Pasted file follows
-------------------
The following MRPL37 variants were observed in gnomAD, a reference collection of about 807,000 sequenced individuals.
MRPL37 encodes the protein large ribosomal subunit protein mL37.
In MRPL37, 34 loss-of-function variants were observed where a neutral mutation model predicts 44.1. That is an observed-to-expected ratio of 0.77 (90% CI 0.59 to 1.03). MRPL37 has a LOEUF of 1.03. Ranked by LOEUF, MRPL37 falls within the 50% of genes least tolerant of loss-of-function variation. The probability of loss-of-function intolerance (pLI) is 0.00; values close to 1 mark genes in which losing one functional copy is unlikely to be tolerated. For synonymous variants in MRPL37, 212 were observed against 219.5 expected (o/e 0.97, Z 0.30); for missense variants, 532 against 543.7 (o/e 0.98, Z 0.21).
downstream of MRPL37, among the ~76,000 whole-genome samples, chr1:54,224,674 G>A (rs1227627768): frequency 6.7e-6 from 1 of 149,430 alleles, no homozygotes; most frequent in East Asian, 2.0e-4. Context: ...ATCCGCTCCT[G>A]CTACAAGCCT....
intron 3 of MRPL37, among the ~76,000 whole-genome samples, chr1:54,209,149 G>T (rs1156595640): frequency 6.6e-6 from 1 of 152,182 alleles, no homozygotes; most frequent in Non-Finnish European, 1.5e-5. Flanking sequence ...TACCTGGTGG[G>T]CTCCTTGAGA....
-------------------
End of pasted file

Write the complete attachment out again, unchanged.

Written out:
The following MRPL37 variants were observed in gnomAD, a reference collection of about 807,000 sequenced individuals.
MRPL37 encodes the protein large ribosomal subunit protein mL37.
In MRPL37, 34 loss-of-function variants were observed where a neutral mutation model predicts 44.1. That is an observed-to-expected ratio of 0.77 (90% CI 0.59 to 1.03). MRPL37 has a LOEUF of 1.03. Ranked by LOEUF, MRPL37 falls within the 50% of genes least tolerant of loss-of-function variation. The probability of loss-of-function intolerance (pLI) is 0.00; values close to 1 mark genes in which losing one functional copy is unlikely to be tolerated. For synonymous variants in MRPL37, 212 were observed against 219.5 expected (o/e 0.97, Z 0.30); for missense variants, 532 against 543.7 (o/e 0.98, Z 0.21).
downstream of MRPL37, among the ~76,000 whole-genome samples, chr1:54,224,674 G>A (rs1227627768): frequency 6.7e-6 from 1 of 149,430 alleles, no homozygotes; most frequent in East Asian, 2.0e-4. Context: ...ATCCGCTCCT[G>A]CTACAAGCCT....
intron 3 of MRPL37, among the ~76,000 whole-genome samples, chr1:54,209,149 G>T (rs1156595640): frequency 6.6e-6 from 1 of 152,182 alleles, no homozygotes; most frequent in Non-Finnish European, 1.5e-5. Flanking sequence ...TACCTGGTGG[G>T]CTCCTTGAGA....